As I described before, in Granada we stayed at Travel House, run in 2013 by Travel Club from Serbia. Genious initiative – I still don’t know where will they be this year, but I really hope somewhere on my way!
Warmly welcomed after arriving close to midnight we open the bottles – Dani with her homemade rakia, me with not homemade nut vodka, which always gains some fans wherever I carry it. Maybe I should apply to become Soplica’s ambassador, but on the other hand I always carry it in nameless plastic bottle to reduce weight, so no marketing effect. We’re joining the party and learn, that there’s another fiest in Granada (another one? we’ve got some luck!). Delgation from Travel House is gathering to join celebrating granadians on the streets, but it takes ages to get some final decision… Slowly awakens my avertion to big groups and their indecisiveness. When we finally take off we get caught by rain, so we end up having our own fiesta in a nearby square under some trees.
For the first night we cannot find a free space in bedrooms, so we place our sleeping mats on the kitchen floor, where party goes on till late hours. Not the best place to sleep, but we have a certain roof over our heads and we get to know more and more travellers on different stages of their summer wandering.
It is some of them – Bosnian girl Sara, Lorenzo from Italy and others – that we set off for Free Granada Tour next morning. Tour, which was led by American guy, speaking perfect spanglish. Even with our embarassing level of knowledge in Spanish we’ve got some reasons to smile at his sentences.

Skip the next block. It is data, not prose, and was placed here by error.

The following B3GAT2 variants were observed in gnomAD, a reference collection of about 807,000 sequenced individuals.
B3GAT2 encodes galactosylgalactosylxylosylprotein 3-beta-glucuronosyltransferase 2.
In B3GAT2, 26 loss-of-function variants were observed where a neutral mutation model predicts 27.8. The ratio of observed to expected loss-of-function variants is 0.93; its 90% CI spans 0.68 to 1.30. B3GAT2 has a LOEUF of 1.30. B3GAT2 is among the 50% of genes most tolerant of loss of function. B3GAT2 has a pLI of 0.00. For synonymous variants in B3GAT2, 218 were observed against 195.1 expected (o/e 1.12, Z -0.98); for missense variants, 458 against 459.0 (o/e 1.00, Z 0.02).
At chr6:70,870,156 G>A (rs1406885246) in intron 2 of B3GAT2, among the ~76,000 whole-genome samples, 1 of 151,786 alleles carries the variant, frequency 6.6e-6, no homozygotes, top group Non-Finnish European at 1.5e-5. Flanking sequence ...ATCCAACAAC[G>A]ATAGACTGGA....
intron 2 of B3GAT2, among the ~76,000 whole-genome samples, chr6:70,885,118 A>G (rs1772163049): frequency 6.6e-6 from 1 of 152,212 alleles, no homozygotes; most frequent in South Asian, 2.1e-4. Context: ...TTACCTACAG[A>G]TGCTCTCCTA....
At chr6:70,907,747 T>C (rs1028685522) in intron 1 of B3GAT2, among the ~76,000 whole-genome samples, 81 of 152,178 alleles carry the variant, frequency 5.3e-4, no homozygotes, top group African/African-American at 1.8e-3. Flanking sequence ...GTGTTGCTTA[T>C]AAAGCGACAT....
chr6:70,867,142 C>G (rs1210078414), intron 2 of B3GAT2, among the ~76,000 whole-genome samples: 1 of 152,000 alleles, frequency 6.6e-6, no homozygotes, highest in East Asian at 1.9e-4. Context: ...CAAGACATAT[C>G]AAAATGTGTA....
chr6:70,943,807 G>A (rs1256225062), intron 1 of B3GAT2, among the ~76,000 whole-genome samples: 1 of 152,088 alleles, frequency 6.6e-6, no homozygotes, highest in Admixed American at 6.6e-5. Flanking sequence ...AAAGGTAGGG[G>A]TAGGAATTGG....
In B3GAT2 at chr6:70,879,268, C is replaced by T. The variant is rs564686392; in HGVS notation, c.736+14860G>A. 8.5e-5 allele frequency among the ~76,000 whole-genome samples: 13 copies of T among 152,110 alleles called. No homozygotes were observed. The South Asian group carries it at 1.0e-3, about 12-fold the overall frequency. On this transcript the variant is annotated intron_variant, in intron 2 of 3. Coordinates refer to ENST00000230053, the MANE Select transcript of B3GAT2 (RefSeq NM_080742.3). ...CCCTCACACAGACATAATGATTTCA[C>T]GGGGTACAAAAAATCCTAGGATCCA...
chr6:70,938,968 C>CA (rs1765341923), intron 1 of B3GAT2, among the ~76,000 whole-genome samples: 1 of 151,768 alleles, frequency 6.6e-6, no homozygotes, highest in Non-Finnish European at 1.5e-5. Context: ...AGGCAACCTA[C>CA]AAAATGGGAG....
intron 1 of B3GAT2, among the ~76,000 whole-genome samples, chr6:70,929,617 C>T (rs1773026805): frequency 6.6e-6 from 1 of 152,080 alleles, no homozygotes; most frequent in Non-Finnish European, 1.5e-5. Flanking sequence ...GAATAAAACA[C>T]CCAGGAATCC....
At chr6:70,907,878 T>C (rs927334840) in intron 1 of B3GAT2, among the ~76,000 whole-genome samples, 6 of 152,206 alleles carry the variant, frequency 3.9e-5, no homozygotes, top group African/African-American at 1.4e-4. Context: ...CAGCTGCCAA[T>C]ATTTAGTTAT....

Granada is a marvelous city placed on the foot of Sierra Nevada mountains, which results in a lot of narrow, steep and winding streets. Combining it with Almohad’s culture present here for ages gave this city an outstanding atmosphere and architecture.
Alhambra palace – next position from UNESCO list on our road – dominates over the whole city. Tickets must be booked at least four days in advance, there’s such a crowd wanting to visit it. We reserved them maybe two days before planned visit, but as we thought we are lucky we didn’t manage to pick them up from an ATM/Caixa machine. Luckily no money were taken out from Dani’s account. Maybe we were even misled about if we actually booked the tickets… Anyway, to hell with that kind of regulated sightseeing.
One more thing, that raised my attention in Granada is “hidden” few minutes outside of the historical center, in Sacromonte neighbourhood. Dozens of caves in Valparaiso hill inhabited with bigger or lesser permission of the authorities, gathering people of various origins, though historically it was a Gitano quarter. Without address, without taxes, with marijuana bushes planted in rich gardens, almost every night with dances and music… and in the same time so close to the center of a city that counts over 200 thousand people.
Street art laso catches my attention, of course:
After wandering through Western Europe, noise and crowded cities, two days spent in Travel House with constant and numerous company, something starts to change in me. I start to feel the lack of loneliness, so intensively present in my previous travells. This space to breath, being alone with emptiness of mountains – except for short and low episode in Alps we didn’t manage to see much of wilderness, only cities. Completely other type of experience, and frankly speaking not my type of experience. Looking upon even such beautiful city as Granada can change from this point of view, and I have enough. Dani is also upset by this missunderstanding of Alhambra and rain, so while eating churros in the morning we decide to get out of here as soon as possible and look for more positive vibe in Sevilla.